Sugar Free, Fat Free or Lite Foods
Problem:These words will try to snag you every time. You see the word “free” or “lite” and you’re hooked. Watch out! If a food is sugar free, then it’s probably loaded with fat and if it’s fat free it’s loaded with refined sugar. That’s because there are three macronutrients — protein, carb, fat — and only the last two have any real taste. Raw protein (think tuna packed in water) doesn’t have much taste, so carb and fat take on that burden. As for “lite”, that food is lighter relative to what? It could be a high fat item that’s 10% less in fat, leaving it still a high fat item, but relatively speaking, it’s lighter.
Solution: Personally, I eat real whole foods in balance. I eat a real cookie made by myself or a trusted source, avoid processed foods, and watch my servings. I use real salad dressing, but just drizzle a small amount for taste. I try to avoid processed foods and recommend that to my patients. If you do find yourself in a position of buying one of these fat/sugar free or low fat/sugar or “lite” items, please read the label carefully! If it’s a “lite” food, make sure the total fat is low and the carb content (esp sugars) is no more than 20 grams or so, and hopefully there’s at least 5-10 grams of protein per serving. For the fat/sugar free items, watch out for high fat (greater than 10 grams, and more than 5 grams saturated fat) or refined sugar content (greater than 25 grams). Most “low fat” yogurts have up to 30 grams of refined sugar in them. If you’re a diabetic looking for low carb content foods, check WebMD’s Diabetes Health Center for smart eating suggestions. If you’re someone with high cholesterol and heart disease and want to stick with lower fat and still control the amount of refined sugar you’re consuming, Click into WebMD’s wonderful Heart Disease Guide for great food selection suggestions.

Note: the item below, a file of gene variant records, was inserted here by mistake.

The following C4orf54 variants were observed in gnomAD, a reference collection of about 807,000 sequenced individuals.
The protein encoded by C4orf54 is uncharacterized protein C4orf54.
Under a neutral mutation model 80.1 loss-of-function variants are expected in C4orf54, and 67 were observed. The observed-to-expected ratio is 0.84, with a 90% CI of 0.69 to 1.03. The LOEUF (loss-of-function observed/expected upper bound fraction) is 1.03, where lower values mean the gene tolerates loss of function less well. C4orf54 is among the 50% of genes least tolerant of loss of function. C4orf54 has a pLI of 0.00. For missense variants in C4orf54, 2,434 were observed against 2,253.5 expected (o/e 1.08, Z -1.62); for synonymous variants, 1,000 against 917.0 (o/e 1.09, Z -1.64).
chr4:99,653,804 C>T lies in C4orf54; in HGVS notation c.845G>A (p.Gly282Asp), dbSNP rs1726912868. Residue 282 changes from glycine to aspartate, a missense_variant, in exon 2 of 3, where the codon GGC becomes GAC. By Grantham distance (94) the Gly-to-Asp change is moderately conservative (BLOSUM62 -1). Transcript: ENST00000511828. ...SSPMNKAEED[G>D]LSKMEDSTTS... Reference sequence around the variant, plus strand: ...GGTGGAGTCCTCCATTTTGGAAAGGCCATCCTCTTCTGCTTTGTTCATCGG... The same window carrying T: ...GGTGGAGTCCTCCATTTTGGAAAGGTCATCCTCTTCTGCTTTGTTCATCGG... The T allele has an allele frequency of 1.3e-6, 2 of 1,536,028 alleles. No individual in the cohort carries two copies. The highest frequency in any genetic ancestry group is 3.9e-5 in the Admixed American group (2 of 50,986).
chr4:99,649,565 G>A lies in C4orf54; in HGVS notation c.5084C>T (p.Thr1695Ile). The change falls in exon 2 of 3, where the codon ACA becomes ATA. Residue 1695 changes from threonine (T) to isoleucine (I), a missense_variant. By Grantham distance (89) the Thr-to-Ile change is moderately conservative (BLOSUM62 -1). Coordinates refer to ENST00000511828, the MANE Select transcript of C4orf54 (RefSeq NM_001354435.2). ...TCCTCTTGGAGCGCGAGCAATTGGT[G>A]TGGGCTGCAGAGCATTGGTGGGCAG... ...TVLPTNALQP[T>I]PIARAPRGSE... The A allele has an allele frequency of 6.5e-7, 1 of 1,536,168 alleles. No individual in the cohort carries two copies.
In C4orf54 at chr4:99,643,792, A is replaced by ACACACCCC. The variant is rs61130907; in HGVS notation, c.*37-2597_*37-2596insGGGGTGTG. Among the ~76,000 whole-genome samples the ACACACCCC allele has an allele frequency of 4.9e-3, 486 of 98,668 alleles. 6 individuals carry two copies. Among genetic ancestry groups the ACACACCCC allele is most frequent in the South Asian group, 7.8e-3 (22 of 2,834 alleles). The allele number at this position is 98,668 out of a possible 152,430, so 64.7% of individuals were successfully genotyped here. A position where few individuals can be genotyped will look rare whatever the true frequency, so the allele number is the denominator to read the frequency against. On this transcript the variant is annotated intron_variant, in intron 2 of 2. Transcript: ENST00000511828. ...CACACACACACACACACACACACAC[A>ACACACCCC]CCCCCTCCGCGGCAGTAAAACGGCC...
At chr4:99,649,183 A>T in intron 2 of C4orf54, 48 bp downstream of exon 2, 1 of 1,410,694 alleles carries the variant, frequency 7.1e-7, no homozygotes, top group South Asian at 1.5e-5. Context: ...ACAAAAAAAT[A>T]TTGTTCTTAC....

Problem: It looks perfectly innocent and heck it’s water for crying out loud. What could be wrong? Everything! Many of these “enhanced” waters can be loaded with sugar.
Solution: Read the label! I’m sounding like a broken record, but you need to know what you’re consuming. Many of these drinks can easily be 125 calories of diet wrecking sugary water per serving. If you’re an athlete who is really sweating up a storm and is working out vigorously for hours on end, then they need these sports drinks to replenish glucose fuel and fortify with electrolytes. For everyone else, drink plain water when you’re working out. At home, pour water into a pitcher and float some sliced cucumbers or lemons or orange pieces for a refreshing drink. Doing it yourself will definitely save you some money!
Problem: You’re feeling particularly saintly as you head to the salad bar to grab some lunch. You’re entering a field of potential food landmines. You pile everything on your plate and munch away without realizing the amount of salt and fat you’re ingesting.
Solution: Those artichoke hearts, olives and chick peas were usually taken out of cans where they were preserved in lots of salt. If you want to consume them, wash them first. Also, steer clear of high fat items like coleslaw (a small cup has 260 calories and 21 grams of fat). Choose low salt options like lettuce, and fresh produce like peppers, mushrooms, onions, spinach, carrots and cucumbers. At home, if you select beans from a can, wash the salt off prior to eating. Try to avoid canned foods when possible and stick with whole foods (beans in bulk you can cook).
Are any of these food frauds a surprise to you? Talk about it on the Diet Community.